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Title: Priceless polyptycha at Mdina Cathedral (part one)
Authors: Borg, E. V.
Keywords: Altarpieces -- Malta -- Mdina
Polyptychs -- Malta -- Mdina
Christian patron saints in art
Christian art and symbolism
Painting -- Conservation and restoration -- Malta
Metropolitan Cathedral of St. Paul (Mdina, Malta)
Issue Date: 1984
Publisher: Gulf Publishing Ltd.
Citation: Borg, E.V. (1984). Priceless polyptycha at Mdina Cathedral (part one). Civilization, 17, 458-461.
Abstract: A polyptych restored to its former splendour by Samuel Bugeja is now dominating one of the halls in the Cathedral Museum, Mdina. The polyptych is made up of a ma in panel and ten smaller pieces, three of which make up the predella . The word polyptych means "many folds" as the lateral pieces fold on to the main panel. The latter depicts St. Paul enthroned in majesty, sword in one hand, his letters bound in vellum in the other. Eight panels are narrative scenes from the life of the Saint. They respectively convey animately: the conversion. the baptism, Paul before King Agrippa and Festus, the shipwreck and departure from our Island , the shaking of the viper into the fire, healing the father of Publius, the raising of Eutychus from the dead in Troas (Acts Ch . 20, L. 9), the beheading and burial. Another panel, in the form of a triptych and part of the predella, represents St. Peter in glory flanked by St. Agatha and St. Catherine of Alexandria. Of special artistic importance is the last panel crowning the polyptych with the Madonna enthroned surrounded with choirs of angels playing on musical instruments.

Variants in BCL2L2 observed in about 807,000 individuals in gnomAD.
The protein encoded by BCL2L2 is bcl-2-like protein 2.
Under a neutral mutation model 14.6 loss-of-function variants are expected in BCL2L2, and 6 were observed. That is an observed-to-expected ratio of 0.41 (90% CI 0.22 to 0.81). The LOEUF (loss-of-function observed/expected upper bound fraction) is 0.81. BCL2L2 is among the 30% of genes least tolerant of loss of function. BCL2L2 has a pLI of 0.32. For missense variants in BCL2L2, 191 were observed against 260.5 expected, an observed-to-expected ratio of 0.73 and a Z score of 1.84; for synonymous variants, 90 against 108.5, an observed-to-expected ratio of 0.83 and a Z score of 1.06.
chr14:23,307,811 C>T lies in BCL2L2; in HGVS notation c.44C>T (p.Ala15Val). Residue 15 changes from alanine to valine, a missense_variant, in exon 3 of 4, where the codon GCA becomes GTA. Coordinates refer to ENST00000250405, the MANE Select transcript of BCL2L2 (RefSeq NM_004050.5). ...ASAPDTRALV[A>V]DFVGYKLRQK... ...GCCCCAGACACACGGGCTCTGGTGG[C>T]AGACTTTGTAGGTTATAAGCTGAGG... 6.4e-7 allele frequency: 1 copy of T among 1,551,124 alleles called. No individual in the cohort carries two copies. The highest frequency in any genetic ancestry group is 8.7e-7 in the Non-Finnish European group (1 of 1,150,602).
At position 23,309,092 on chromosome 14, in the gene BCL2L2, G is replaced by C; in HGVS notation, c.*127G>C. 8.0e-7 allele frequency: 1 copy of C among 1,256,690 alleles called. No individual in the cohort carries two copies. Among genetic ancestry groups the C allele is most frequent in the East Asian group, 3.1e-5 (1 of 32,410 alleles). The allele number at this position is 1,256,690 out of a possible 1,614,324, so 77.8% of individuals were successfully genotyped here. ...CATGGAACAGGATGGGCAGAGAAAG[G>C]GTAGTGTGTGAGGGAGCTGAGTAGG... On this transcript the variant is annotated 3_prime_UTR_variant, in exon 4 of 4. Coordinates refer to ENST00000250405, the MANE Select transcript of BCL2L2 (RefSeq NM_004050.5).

Appears in Collections:Melitensia Works - ERCFAPai

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